Diabetes is now considered a pandemic, with 1 in 10 adults living with this chronic severe condition — almost 1 million adults in the United Arab Emirates (UAE) have diabetes. This number is expected to increase to nearly 1.2 million over the next nine years. Moreover, statistics released from health authorities show that people currently living with diabetes are not getting better. Most diabetics (75 per cent) in the UAE have poorly controlled diabetes, and diabetes-related deaths have tripled over the last decade. Although diabetes screening is a mandated benefit by law, the UAE experiences one of the highest rates of undiagnosed diabetes at 64 per cent. These impressive numbers tell us that existing health care approaches, both in terms of screening and managing, are insufficient for the detection and treatment of diabetes. The long-term care necessary for diabetes patients costs the UAE almost 7.3 billion AED annually, with a minimum expected cost of 20.2 billion AED once the undiagnosed numbers start requiring treatment for complications. Expenditure on diabetes in the last ten years has increased by nearly 20 per cent and will only continue to rise (International Diabetes Federation).
A Sobering Outlook for the Future
In addition to affecting the current population, diabetes impacts future generations in the UAE. One out of four live births is affected by hyperglycemia due to gestational diabetes. “Despite advances in medications, treatment therapy, technology, etc., the UAE's population is now more diabetic and poorly controlled more than at any other time since statistics were recorded,” noted Ali Hashemi, Co-founder, and Chairman of GluCare. Glucare is a hybrid digital therapeutics platform that is currently solving the diabetes pandemic using a novel model of care. The UAE is experiencing unprecedented health impacts and costs related to diabetes, and the vast percentage of undiagnosed cases will have a catastrophic effect on healthcare costs. Overall, the diabetes pandemic is expected to impact the socio-economic well-being of the UAE negatively. Available healthcare providers have fallen short in their efforts to treat and prevent diabetes. “It is easy to blame patients and their lifestyle choices; however, we believe this pandemic has been escalated by how current diabetes providers behave and their failure to innovate in new models of care,” Hashemi explained. “Current healthcare facilities do not transparently record their outcomes and are not incentivised to improve outcomes in a fee-for-service model. New ways to innovate diabetes care are required. Otherwise, nothing will change, and we will continue to see rising numbers of patients, complications, and costs.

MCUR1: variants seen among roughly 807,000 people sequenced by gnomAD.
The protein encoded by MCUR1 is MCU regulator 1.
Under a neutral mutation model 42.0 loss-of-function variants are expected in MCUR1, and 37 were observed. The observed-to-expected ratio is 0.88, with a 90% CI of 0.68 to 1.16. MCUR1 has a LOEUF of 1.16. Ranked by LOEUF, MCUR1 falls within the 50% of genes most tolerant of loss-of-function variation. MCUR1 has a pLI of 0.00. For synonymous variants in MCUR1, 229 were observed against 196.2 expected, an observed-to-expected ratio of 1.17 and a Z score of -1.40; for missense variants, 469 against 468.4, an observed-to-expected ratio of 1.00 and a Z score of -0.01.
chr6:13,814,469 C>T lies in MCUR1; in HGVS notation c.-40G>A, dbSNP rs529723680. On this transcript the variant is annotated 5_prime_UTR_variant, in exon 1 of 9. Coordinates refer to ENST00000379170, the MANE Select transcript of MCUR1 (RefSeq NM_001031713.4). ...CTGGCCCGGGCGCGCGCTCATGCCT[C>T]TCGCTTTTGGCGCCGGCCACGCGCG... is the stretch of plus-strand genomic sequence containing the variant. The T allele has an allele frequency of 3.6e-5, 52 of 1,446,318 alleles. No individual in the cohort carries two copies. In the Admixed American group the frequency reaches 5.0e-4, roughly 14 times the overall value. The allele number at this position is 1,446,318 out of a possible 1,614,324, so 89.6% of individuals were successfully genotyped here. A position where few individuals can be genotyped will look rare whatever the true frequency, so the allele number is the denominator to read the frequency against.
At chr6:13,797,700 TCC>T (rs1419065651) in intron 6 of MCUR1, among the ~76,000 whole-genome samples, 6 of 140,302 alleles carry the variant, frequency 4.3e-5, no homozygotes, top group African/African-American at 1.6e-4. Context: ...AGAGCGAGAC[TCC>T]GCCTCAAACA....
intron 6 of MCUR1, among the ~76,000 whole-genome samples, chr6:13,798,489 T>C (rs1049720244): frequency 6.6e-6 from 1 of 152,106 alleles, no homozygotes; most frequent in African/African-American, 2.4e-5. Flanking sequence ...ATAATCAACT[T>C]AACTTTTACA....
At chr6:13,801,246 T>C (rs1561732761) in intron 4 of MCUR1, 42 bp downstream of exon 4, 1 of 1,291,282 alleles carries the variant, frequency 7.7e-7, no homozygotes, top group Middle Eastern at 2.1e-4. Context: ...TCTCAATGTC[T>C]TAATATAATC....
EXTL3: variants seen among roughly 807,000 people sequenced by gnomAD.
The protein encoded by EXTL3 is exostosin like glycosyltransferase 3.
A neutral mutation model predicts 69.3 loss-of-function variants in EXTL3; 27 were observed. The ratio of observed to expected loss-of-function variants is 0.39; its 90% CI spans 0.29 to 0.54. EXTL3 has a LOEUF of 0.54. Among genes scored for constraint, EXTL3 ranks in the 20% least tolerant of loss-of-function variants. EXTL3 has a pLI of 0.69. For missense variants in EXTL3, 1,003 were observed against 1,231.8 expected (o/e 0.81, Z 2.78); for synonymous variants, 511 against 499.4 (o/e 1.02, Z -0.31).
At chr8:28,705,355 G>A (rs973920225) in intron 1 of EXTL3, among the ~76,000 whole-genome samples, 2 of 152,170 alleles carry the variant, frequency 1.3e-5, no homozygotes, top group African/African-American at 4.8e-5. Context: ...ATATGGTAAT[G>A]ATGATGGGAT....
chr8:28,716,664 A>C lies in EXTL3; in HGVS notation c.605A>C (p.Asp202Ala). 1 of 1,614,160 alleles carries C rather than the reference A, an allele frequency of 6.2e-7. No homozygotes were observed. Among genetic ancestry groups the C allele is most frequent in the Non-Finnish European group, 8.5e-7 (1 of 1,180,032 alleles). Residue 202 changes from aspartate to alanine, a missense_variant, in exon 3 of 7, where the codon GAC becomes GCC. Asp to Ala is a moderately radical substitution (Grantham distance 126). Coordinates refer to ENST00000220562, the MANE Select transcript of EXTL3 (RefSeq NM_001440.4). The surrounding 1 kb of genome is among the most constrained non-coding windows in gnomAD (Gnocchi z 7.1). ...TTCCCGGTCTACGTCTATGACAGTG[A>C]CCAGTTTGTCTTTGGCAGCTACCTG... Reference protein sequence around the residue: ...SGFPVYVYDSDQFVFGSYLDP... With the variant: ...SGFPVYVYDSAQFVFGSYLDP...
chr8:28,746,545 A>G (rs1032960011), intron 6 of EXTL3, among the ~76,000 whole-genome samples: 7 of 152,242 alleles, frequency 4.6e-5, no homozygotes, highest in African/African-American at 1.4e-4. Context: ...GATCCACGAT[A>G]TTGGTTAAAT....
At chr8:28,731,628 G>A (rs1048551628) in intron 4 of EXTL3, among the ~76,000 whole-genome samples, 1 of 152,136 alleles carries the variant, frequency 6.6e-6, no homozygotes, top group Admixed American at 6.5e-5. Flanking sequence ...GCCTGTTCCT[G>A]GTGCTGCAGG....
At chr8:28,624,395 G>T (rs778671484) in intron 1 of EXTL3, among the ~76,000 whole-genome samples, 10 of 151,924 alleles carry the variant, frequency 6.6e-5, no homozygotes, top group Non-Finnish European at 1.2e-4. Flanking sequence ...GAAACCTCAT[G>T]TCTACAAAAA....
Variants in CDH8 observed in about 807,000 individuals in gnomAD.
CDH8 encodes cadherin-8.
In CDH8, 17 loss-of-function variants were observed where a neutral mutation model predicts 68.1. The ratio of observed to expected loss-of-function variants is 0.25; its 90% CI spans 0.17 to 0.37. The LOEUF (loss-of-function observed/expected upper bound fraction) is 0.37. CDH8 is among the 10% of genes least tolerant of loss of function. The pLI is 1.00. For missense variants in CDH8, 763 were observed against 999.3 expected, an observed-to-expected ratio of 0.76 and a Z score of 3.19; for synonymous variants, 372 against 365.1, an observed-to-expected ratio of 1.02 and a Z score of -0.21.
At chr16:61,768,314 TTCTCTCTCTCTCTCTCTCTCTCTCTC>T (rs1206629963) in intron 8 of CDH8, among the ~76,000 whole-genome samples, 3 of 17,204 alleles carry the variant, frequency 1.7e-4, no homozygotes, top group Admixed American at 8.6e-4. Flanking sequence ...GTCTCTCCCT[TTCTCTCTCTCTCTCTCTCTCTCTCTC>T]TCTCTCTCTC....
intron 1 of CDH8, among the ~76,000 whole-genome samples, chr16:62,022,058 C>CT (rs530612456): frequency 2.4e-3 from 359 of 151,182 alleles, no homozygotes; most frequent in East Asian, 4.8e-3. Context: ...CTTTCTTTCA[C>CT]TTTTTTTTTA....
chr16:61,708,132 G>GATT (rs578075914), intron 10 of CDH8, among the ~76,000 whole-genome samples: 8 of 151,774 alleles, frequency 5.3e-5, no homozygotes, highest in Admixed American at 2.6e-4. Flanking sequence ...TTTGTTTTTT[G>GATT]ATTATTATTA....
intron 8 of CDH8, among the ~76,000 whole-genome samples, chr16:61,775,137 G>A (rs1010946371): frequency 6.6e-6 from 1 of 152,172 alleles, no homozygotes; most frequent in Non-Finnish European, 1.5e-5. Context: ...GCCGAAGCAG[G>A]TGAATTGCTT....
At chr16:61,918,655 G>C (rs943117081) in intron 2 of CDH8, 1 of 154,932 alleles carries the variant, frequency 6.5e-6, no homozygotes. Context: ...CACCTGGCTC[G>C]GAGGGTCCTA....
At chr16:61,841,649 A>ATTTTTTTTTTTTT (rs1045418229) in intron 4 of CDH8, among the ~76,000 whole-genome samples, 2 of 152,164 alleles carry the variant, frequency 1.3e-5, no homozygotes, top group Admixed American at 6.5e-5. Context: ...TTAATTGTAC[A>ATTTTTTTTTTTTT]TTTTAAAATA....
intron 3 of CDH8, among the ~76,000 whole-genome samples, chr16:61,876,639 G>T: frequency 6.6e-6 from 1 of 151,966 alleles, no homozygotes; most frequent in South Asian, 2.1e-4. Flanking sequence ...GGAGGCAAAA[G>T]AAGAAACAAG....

Revolutionising Diabetes Care: Humans and Machines Working Together
Image supplied, GluCare app in use
The dramatically increasing diabetes numbers without patient improvement demonstrate that the current practice in the UAE is insufficient to impact the trajectory of the disease. Experts believe that diabetes is poorly controlled in the UAE due to misaligning patient needs and provider compensation. Providers are reimbursed for sicker patients, so providers have no monetary incentives to change the behavior of their patients. Moreover, patient support through education on lifestyle changes, such as from a nutritionist, is not reimbursed by the insurance company, so providers have no incentive to provide these services. Additionally, critical medical devices such as continuous glucose monitors are expensive, and insurance companies are resistant to pay for them. GluCare combines constant monitoring of patient symptoms and lifestyle with a personalised care team to manage type 1 or type 2 diabetes accurately. “GluCare has re-invented a new model of care that shifts diabetes care from episodic to continuous through digital therapeutics. This has resulted in an average reduction in HbA1c of 2.14 per cent in just 90 days.
In comparison, the average reduction of a large diabetes center based in Abu Dhabi (self-reported data) resulted in just 0.9 per cent over ten years, and the average patients are still classified as poorly controlled,” said Hashemi. The key to GluCare’s success? “Both humans and machines are involved in the GluCare model of care,” Hashemi explained.
Under this care model, patients receive in-person care during appointments and remote monitoring to ensure they are not alone in their journey to manage their lifestyle and their diabetes. “The GluCare model utilises remote continuous data monitoring as a standard model of care,” Hashemi explained. “The new data sources allow us to continuously engage patients, leading to sustained behavioral change and vastly improved outcomes.” Continuous monitoring empowers patients to take control of their diabetes and make life-saving choices on a day-to-day basis. “The UAE has been an important launch market for us since the problem is so prevalent here. This care model has proven so successful and significantly better than the traditional options that we are now looking at expanding GluCare Health internationally,” Hashemi added.